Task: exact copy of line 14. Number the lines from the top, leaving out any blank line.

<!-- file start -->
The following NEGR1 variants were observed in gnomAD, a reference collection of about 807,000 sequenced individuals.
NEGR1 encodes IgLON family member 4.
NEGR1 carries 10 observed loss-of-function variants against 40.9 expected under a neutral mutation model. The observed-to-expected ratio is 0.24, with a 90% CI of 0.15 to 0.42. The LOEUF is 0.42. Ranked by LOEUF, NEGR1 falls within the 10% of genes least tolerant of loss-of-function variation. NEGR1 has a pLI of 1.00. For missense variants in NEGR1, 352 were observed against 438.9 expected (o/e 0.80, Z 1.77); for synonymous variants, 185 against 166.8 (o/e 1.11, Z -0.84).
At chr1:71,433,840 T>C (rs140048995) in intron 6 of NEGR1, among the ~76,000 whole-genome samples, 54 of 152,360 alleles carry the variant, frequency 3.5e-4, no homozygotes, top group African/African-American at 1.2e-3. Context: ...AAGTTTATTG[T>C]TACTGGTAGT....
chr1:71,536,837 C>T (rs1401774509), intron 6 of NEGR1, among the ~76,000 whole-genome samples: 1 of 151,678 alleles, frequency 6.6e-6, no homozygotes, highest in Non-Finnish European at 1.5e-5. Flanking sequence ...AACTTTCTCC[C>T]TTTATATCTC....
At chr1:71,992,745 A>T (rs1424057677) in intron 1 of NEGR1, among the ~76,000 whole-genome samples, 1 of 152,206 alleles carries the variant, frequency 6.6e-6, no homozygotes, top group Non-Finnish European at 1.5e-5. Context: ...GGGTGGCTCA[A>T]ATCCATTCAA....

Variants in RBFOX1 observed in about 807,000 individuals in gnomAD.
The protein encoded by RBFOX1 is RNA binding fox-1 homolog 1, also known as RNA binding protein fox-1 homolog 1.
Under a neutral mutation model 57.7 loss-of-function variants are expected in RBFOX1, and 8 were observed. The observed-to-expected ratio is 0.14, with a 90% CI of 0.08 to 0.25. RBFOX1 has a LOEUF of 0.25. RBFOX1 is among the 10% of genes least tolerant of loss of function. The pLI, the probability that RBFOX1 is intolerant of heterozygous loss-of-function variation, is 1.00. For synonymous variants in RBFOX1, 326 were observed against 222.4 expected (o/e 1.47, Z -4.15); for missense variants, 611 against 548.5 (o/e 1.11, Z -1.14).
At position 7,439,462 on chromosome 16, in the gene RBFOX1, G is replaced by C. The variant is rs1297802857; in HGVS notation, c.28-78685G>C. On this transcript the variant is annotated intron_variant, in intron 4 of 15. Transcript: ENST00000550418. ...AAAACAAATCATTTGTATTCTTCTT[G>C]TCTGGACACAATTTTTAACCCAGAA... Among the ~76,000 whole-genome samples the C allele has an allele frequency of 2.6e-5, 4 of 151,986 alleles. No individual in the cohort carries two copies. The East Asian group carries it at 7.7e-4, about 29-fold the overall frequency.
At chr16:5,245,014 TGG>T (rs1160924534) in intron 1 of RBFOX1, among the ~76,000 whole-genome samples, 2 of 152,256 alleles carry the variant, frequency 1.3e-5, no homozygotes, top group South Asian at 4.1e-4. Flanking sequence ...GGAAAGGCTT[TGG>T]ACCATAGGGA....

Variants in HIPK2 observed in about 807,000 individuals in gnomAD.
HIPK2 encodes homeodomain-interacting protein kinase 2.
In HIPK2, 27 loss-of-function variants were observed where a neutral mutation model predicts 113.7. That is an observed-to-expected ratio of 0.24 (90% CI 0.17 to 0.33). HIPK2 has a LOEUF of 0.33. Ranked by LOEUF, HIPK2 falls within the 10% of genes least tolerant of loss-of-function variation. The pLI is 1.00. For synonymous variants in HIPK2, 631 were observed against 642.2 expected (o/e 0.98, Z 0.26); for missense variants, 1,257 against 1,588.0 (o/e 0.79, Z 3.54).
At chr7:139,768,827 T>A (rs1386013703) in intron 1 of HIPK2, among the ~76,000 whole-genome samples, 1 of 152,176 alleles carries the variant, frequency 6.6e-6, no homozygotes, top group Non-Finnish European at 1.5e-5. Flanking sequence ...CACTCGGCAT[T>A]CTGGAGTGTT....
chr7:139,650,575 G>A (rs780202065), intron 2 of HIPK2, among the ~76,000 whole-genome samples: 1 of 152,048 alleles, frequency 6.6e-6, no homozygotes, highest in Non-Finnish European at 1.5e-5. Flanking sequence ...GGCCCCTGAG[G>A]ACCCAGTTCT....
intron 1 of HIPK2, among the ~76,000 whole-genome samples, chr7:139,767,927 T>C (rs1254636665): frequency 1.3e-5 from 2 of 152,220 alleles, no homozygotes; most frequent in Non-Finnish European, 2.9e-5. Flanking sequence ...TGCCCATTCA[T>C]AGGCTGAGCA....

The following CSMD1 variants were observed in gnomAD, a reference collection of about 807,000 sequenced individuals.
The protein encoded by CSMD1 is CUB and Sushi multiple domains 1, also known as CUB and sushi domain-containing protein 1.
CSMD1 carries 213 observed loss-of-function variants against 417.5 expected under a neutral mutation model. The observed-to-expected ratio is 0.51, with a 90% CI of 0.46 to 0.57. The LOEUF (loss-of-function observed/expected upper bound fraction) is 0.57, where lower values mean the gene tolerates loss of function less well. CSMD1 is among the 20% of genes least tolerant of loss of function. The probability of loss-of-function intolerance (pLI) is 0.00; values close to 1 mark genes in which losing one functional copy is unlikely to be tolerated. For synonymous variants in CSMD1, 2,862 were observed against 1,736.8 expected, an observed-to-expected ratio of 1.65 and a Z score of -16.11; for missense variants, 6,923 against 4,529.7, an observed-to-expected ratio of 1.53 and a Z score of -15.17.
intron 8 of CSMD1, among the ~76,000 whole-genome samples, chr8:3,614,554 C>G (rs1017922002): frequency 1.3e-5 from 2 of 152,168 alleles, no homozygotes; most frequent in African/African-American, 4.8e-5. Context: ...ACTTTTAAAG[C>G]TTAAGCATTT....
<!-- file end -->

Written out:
In HIPK2, 27 loss-of-function variants were observed where a neutral mutation model predicts 113.7. That is an observed-to-expected ratio of 0.24 (90% CI 0.17 to 0.33). HIPK2 has a LOEUF of 0.33. Ranked by LOEUF, HIPK2 falls within the 10% of genes least tolerant of loss-of-function variation. The pLI is 1.00. For synonymous variants in HIPK2, 631 were observed against 642.2 expected (o/e 0.98, Z 0.26); for missense variants, 1,257 against 1,588.0 (o/e 0.79, Z 3.54).